2. Constitution (73rd Amendment) Act 1992
Though the Panchayat Raj Institutions were in existence in various forms in various States, these institutions did not acquire the status and dignity of viable and responsive people’s bodies due to a number of reasons including absence of regular elections, prolonged supercession, insufficient representation of weaker sections like Scheduled Castes, Scheduled Tribes and Women, inadequate devolution of powers and lack of financial resources. In the light of the experience gained and the short-comings that had been observed, the 73rd amendment of the Constitution was enacted in 1992, to enshrine in the Constitution certain basic and essential features of Panchayat Raj Institutions to impart certainty, continuity and strength to them. A number of fundamental changes were brought about in the Panchayat Raj System by virtue of this Act. Pursuant to this, the Tamil Nadu Panchayats Act 1994 was enacted and it came into force with effect from 22.04.1994.

Some of the important changes brought about by the 73rd Amendment to the Constitution and the Tamil Nadu Panchayats Act 1994 are listed below:

a) Introduction of a three tier system – at the Village, Intermediate (Block) and District levels. [There are 12,618 Village Panchayats, 385 Panchayat Unions (coterminous with Blocks) and 29 District Panchayats in Tamil Nadu].
b) Mandatory conduct of Local Body elections every five years and conduct of elections before the expiry of the duration of the Local Body or before the expiry of a period of 6 months from the date of its dissolution.
c) Introduction of reservation of seats(i.e. ward members) and offices (i.e. Chairpersons/Presidents) for Scheduled Castes/Scheduled Tribes in proportion to their population in every Local Body with provision for rotation of the reserved seats and offices.
d) Introduction of reservation of one third of total number of seats and offices for women with provision for rotation.
e) Constitution of a State Election Commission as an independent body to conduct elections to both rural and urban Local Bodies regularly.
f) Establishment of a quinquennial State Finance Commission to recommend devolution of resources from the State Government to the rural and urban Local Bodies.
g) Constitution of a District Planning Committee to consolidate the plans prepared by the rural and urban Local Bodies in the district with a view to prepare a comprehensive development plan for the district.
h) Introduction of the concept of ‘Grama Sabha’ comprising all registered voters in a Village Panchayat.

Table 1: Milestones in Decentralisation
1882   The Resolution on Local Self-Government.
  The Royal Commission on Decentralisation.
1948 Constitutional debates on Gram Swaraj, ‘Self-rule”
1950 Enactment of Madras Villages Panchayat Act 1950 in Tamil Nadu.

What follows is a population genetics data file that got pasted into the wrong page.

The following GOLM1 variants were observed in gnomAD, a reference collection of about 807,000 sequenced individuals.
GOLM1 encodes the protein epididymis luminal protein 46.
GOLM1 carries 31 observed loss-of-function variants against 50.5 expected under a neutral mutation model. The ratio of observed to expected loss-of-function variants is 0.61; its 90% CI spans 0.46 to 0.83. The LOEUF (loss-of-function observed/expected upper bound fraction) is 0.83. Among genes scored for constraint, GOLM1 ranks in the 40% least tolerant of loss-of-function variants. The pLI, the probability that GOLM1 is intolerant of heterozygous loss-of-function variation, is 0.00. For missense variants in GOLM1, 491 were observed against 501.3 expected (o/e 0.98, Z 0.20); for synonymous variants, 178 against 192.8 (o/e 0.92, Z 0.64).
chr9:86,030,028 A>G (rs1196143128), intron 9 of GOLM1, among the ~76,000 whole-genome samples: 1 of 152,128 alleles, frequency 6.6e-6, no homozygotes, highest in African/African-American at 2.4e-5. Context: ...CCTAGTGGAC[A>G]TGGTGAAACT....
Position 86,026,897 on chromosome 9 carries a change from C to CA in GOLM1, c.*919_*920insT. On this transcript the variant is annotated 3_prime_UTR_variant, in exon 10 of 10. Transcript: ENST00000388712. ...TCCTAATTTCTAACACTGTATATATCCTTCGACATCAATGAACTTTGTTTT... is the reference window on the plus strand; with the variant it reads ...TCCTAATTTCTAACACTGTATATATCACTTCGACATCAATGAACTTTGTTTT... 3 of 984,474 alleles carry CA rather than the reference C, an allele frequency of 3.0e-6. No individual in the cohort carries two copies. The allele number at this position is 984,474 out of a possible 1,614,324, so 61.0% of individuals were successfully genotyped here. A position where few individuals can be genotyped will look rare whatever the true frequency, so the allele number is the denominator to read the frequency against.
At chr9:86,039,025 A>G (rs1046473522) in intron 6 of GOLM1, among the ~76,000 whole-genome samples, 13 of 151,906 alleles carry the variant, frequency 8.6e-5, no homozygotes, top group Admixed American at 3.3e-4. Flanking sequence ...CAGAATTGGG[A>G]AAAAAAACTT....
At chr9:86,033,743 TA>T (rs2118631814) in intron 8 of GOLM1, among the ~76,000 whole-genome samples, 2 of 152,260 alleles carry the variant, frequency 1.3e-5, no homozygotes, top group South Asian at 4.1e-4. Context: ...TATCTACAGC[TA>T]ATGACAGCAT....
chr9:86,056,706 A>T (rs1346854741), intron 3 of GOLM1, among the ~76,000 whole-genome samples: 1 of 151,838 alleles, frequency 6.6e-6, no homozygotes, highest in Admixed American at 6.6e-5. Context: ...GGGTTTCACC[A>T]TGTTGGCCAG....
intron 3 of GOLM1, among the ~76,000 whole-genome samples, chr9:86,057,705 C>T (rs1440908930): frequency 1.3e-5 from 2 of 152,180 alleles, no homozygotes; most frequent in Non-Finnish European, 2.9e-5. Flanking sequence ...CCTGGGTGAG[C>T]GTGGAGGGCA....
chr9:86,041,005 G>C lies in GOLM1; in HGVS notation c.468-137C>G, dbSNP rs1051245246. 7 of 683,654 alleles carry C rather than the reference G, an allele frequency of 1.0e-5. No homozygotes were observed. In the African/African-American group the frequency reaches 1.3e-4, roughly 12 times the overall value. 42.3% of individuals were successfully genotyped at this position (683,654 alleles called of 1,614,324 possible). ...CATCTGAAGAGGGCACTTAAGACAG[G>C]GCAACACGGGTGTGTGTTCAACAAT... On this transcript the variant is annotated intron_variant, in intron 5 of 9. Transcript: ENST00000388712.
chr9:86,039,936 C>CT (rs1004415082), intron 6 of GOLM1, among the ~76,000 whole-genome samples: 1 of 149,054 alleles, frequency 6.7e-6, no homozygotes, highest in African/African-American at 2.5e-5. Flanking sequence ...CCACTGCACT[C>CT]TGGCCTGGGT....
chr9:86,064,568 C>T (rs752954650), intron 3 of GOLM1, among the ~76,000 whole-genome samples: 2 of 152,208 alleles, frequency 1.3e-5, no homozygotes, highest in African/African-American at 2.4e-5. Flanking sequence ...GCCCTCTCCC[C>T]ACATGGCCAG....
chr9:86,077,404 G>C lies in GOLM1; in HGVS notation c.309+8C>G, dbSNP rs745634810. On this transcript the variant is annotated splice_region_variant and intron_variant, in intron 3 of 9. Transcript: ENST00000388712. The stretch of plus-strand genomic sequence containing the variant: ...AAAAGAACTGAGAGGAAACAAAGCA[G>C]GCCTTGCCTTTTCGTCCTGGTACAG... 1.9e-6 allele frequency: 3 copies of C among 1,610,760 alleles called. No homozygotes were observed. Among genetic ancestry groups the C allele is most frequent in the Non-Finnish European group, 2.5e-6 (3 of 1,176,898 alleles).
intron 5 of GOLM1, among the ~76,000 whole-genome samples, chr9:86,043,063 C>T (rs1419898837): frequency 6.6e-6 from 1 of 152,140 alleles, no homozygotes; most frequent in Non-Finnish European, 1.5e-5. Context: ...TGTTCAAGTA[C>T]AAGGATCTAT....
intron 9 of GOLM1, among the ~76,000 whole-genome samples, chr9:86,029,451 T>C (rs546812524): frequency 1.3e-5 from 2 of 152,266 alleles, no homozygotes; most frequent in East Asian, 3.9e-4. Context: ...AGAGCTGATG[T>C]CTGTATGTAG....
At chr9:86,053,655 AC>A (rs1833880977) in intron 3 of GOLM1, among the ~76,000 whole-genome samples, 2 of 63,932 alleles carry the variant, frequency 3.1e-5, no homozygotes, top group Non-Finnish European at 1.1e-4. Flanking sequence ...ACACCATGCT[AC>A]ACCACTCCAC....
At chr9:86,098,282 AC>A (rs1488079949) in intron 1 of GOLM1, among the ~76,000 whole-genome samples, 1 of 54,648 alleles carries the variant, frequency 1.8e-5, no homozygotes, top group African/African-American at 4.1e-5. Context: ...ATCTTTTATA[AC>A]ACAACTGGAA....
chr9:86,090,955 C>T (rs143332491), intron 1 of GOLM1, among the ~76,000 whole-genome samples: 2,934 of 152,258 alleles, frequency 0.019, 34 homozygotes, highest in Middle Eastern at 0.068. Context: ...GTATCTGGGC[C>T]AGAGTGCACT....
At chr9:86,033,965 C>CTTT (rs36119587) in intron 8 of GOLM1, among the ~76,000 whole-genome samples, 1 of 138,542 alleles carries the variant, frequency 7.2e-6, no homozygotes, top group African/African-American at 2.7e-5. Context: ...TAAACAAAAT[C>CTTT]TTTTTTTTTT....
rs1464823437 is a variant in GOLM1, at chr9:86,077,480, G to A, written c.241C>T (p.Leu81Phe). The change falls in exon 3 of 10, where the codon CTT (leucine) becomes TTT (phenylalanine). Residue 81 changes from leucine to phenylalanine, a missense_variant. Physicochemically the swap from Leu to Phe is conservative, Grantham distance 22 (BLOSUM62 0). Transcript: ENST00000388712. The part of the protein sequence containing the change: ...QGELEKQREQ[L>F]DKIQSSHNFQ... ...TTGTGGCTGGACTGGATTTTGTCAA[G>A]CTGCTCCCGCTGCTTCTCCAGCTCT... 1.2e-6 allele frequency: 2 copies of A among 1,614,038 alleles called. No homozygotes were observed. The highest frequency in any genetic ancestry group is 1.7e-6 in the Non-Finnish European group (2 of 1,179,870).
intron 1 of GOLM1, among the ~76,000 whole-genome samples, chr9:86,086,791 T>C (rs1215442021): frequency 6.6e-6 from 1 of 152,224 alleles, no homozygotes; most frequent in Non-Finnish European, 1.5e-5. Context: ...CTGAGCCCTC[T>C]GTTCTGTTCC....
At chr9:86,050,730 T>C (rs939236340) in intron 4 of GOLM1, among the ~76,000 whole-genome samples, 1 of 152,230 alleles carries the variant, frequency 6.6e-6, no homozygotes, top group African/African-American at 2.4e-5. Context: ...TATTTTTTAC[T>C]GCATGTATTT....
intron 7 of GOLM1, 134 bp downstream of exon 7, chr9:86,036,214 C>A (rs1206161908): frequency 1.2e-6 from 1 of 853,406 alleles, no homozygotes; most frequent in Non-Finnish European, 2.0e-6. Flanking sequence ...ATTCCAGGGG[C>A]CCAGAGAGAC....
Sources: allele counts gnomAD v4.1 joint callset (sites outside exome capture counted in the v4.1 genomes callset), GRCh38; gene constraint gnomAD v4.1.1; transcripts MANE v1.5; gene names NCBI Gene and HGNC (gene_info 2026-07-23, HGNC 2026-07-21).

1957  Balwantrai Mehta Commission – an early attempt to implement the Panchayat structure at district and block (Samithi) levels.
1958 Enactment of Madras Village Panchayat Act 1958 in Tamil Nadu.
1963 K. Santhanam Committee – recommended limited revenue raising powers for Panchayats and the establishment of State Panchayati Raj Finance Corporations.
1978 Ashok Mehta Committee – appointed to address the weaknesses  of PRIs, concluded that a resistant bureaucracy, lack of political will, ambiguity about the role of PRIs, had undermined previous attempts at decentralization, recommended  that the District serve as the administrative unit in the PRI structure.
1985  G.V.K. Rao Committee – appointed to address weaknesses of PRIs, recommended that the block development office (BDO)  should assume broad powers for planning, implementing and monitoring rural development programmes.
1986  L.M. Singhvi Committee – recommended that local self-government should be constitutionally enshrined, and that the Gram Sabha (the Village assembly) should be the base of decentralized democracy in India.
1992 The 73rd Amendment to the Indian Constitution – PRIs at district, block and village levels are granted permanent continuous nature.  The Gram Sabha  is recognized as a formal democratic body at the village level.
1994 Tamil Nadu Panchayats Act, 1994 enacted on 22.04.1994.
1996   1st ordinary Local Body Elections in Tamil Nadu.
1997  The First High Level Committee  under the Chairmanship of Thiru.L.C. Jain, the then Member of State Planning Commission submitted its recommendations  on devolution of powers and functions to rural Local Bodies in April, 1997.
1999  The Second High Level Committee under the Chairmanship of the then Hon’ble Rural Development and Local Administration Minister, Thiru.Ko.Si.Mani, submitted its report on devolution of powers and functions to Rural Local Bodies on 11.01.1999.
2000  2nd ordinary Local Body Elections in Tamil Nadu.
2006  3rd ordinary Local Body Elections in Tamil Nadu.
2007  The Third High Level Committee headed by Thiru M.K.Stalin, Hon’ble Minister for RD&LA was constituted to examine the scope for further devolution of powers and functions to rural and urban Local Bodies. 

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